The following guest post is by Yulia Tammisto, from the Open Service Innovation Observatory at the Aalto University School of Economics, Finland.

A few months ago, myself and my colleague Dr. Juho Lindman at the Aalto University School of Economics started to explore open data academically. We are particularly interested in the business applications and economic potential of open data. So far we have done a small round of interviews in Finland with business and non-profit sector employees, and have written a couple of conference papers about the results. Interestingly, we found out that open data seemed to have a lot in common with open source from a research perspective. Now we are trying to interpret and use these similarities to better understand the phenomenon of open data and the interplay between these two concepts. We looked into open data-related services offered on the Finnish market, and tried to understand how open data-related service providers operate in order to draw a generic business model. In this process, we came to the understanding that there is no common meaning of open data shared by the different players on the market. We tried to embrace the various perceptions, and build some classification of existing meanings that industry assigns to the term “open data”.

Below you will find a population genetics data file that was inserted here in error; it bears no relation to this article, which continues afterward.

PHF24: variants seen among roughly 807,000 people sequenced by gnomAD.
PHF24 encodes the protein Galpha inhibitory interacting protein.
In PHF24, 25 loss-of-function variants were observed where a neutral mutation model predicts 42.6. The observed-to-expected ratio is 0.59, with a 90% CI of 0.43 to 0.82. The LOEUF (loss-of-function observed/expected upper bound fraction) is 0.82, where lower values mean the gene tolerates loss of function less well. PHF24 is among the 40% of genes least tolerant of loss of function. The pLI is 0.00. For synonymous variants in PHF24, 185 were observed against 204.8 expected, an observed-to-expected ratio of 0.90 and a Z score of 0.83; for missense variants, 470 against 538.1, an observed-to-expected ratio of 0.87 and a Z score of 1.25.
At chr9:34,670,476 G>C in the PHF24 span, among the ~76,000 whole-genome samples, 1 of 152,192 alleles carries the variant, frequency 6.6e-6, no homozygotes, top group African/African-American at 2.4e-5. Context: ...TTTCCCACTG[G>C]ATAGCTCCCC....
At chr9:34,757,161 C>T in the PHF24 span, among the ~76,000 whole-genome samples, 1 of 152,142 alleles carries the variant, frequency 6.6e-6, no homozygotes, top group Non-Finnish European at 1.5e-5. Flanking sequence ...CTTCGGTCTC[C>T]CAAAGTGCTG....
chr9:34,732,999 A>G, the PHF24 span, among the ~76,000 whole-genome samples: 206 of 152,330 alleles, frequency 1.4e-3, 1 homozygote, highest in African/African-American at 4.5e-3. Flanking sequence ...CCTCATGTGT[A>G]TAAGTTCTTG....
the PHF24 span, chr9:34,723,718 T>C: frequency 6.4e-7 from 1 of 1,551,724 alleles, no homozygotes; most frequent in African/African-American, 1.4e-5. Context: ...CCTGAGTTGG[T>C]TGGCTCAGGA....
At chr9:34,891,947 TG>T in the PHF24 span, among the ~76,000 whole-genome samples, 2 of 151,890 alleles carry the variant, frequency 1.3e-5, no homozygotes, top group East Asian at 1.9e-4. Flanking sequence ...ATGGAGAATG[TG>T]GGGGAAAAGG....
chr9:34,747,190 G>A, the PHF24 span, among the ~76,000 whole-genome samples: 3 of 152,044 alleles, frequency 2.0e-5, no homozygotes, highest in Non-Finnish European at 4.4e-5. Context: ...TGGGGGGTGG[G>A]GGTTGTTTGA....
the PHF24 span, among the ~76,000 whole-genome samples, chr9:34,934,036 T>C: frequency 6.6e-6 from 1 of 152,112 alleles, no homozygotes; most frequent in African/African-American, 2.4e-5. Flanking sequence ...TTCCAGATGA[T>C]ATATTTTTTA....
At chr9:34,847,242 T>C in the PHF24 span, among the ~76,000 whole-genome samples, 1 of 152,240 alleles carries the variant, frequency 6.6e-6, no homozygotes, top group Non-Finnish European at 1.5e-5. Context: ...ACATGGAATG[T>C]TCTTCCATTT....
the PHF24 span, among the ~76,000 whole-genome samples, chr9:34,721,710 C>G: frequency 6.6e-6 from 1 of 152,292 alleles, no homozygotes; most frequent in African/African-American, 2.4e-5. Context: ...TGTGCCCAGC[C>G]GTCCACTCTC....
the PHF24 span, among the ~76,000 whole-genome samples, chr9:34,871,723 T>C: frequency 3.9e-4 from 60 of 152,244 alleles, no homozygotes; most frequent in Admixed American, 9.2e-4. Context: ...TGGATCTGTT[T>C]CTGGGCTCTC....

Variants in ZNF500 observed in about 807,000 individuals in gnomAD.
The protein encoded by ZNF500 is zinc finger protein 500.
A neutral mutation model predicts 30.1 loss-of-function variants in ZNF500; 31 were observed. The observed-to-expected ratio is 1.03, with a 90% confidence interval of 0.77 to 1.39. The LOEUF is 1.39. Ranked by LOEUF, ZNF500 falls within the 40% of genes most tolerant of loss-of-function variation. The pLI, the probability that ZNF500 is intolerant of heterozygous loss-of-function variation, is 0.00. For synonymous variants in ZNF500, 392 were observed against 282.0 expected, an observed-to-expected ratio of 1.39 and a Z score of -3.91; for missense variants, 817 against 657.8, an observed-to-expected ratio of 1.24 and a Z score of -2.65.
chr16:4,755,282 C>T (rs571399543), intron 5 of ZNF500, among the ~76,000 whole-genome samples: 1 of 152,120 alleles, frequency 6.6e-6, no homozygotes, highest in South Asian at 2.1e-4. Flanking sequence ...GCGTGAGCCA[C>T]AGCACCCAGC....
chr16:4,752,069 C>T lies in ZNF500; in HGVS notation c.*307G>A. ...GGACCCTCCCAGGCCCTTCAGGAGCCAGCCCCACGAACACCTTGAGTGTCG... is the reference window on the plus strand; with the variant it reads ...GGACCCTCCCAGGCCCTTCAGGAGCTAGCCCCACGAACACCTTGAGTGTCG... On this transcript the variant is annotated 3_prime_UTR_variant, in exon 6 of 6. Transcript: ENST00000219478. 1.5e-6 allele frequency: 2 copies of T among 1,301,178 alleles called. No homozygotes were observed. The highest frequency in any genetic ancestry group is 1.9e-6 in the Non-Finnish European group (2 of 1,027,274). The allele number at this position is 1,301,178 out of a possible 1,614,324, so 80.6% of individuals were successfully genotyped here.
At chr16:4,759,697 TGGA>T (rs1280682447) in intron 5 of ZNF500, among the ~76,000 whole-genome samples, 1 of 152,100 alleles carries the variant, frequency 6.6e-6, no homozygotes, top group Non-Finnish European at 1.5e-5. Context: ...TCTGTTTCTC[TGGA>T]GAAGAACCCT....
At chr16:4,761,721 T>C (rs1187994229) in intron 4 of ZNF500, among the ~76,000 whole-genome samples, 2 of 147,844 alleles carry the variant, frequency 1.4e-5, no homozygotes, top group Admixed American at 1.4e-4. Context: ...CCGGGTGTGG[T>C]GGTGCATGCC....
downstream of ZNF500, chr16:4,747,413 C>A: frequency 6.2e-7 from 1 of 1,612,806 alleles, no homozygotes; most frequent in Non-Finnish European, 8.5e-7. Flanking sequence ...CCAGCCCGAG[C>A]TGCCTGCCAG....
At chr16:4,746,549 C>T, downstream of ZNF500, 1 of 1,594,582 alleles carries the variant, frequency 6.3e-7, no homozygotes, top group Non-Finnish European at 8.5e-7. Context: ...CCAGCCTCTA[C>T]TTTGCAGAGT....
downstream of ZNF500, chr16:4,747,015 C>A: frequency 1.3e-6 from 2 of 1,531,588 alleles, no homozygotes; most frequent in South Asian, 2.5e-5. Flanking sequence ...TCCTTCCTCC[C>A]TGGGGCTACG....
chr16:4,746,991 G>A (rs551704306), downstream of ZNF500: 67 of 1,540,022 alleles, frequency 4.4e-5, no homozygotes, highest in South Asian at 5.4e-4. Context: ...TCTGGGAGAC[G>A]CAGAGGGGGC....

In the future we plan to focus on developing a better understanding of what open data is in a business context and for business users, exploring the economic benefits of open data application and new business models based on open data.

None of our papers are published yet (as it takes quite a while in academia), but I am happy to share and discuss our research – just drop me a line at yulia.tammisto[at]aalto[dot]fi

It would be particularly interesting to hear about similar academic studies or projects – maybe we could join forces and make something great together!

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